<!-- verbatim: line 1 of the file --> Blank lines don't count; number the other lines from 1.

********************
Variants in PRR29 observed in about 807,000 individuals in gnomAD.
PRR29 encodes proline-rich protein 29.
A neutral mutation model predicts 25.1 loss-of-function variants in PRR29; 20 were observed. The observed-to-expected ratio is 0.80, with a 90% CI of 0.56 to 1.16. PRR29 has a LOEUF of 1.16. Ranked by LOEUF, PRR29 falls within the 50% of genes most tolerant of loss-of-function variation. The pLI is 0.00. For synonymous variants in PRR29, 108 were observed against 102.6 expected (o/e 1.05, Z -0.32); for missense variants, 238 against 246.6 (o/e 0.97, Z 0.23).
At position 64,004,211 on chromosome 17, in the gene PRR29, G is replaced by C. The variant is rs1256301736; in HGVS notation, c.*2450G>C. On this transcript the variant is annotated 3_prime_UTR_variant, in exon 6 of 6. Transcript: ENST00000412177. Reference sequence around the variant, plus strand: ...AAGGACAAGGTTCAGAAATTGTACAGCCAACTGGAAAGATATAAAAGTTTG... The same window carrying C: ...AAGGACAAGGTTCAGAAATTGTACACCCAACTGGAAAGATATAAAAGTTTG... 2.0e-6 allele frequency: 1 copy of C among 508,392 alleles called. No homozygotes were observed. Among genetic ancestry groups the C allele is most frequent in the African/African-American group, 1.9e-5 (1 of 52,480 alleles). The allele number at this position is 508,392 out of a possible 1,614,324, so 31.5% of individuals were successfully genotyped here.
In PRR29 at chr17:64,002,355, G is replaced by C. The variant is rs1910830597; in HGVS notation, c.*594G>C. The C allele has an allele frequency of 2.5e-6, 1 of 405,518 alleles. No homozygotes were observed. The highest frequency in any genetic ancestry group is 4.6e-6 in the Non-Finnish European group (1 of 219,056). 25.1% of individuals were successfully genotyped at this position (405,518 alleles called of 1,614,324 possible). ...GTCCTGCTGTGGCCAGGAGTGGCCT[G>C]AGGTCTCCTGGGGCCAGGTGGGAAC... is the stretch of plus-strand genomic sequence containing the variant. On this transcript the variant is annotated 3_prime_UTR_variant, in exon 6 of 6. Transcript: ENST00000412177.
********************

Variants in PRR29 observed in about 807,000 individuals in gnomAD.